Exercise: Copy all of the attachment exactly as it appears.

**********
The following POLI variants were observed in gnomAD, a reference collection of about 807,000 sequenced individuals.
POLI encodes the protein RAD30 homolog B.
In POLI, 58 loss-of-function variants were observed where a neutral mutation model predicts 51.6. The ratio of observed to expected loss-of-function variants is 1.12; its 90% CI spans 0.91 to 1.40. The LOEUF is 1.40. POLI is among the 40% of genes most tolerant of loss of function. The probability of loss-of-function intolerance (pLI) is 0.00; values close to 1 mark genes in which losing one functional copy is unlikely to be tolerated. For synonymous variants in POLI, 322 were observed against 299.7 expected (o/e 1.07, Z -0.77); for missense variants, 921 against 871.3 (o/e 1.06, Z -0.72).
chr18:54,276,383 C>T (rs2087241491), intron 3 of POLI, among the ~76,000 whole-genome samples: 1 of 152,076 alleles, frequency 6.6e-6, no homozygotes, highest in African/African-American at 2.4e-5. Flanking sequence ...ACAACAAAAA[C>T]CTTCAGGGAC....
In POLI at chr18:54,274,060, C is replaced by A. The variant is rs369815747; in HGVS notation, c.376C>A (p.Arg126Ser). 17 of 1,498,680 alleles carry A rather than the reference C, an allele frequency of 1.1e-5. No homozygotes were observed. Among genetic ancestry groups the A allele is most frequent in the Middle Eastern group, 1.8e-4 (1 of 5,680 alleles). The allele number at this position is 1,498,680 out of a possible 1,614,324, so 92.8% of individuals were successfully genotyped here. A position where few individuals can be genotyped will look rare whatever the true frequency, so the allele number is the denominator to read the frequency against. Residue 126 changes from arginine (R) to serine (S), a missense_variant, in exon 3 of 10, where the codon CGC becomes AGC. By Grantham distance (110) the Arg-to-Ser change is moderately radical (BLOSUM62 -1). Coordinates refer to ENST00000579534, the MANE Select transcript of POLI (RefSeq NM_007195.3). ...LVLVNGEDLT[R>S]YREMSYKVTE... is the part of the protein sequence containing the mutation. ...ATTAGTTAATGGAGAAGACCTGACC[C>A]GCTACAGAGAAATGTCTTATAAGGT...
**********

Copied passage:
The following POLI variants were observed in gnomAD, a reference collection of about 807,000 sequenced individuals.
POLI encodes the protein RAD30 homolog B.
In POLI, 58 loss-of-function variants were observed where a neutral mutation model predicts 51.6. The ratio of observed to expected loss-of-function variants is 1.12; its 90% CI spans 0.91 to 1.40. The LOEUF is 1.40. POLI is among the 40% of genes most tolerant of loss of function. The probability of loss-of-function intolerance (pLI) is 0.00; values close to 1 mark genes in which losing one functional copy is unlikely to be tolerated. For synonymous variants in POLI, 322 were observed against 299.7 expected (o/e 1.07, Z -0.77); for missense variants, 921 against 871.3 (o/e 1.06, Z -0.72).
chr18:54,276,383 C>T (rs2087241491), intron 3 of POLI, among the ~76,000 whole-genome samples: 1 of 152,076 alleles, frequency 6.6e-6, no homozygotes, highest in African/African-American at 2.4e-5. Flanking sequence ...ACAACAAAAA[C>T]CTTCAGGGAC....
In POLI at chr18:54,274,060, C is replaced by A. The variant is rs369815747; in HGVS notation, c.376C>A (p.Arg126Ser). 17 of 1,498,680 alleles carry A rather than the reference C, an allele frequency of 1.1e-5. No homozygotes were observed. Among genetic ancestry groups the A allele is most frequent in the Middle Eastern group, 1.8e-4 (1 of 5,680 alleles). The allele number at this position is 1,498,680 out of a possible 1,614,324, so 92.8% of individuals were successfully genotyped here. A position where few individuals can be genotyped will look rare whatever the true frequency, so the allele number is the denominator to read the frequency against. Residue 126 changes from arginine (R) to serine (S), a missense_variant, in exon 3 of 10, where the codon CGC becomes AGC. By Grantham distance (110) the Arg-to-Ser change is moderately radical (BLOSUM62 -1). Coordinates refer to ENST00000579534, the MANE Select transcript of POLI (RefSeq NM_007195.3). ...LVLVNGEDLT[R>S]YREMSYKVTE... is the part of the protein sequence containing the mutation. ...ATTAGTTAATGGAGAAGACCTGACC[C>A]GCTACAGAGAAATGTCTTATAAGGT...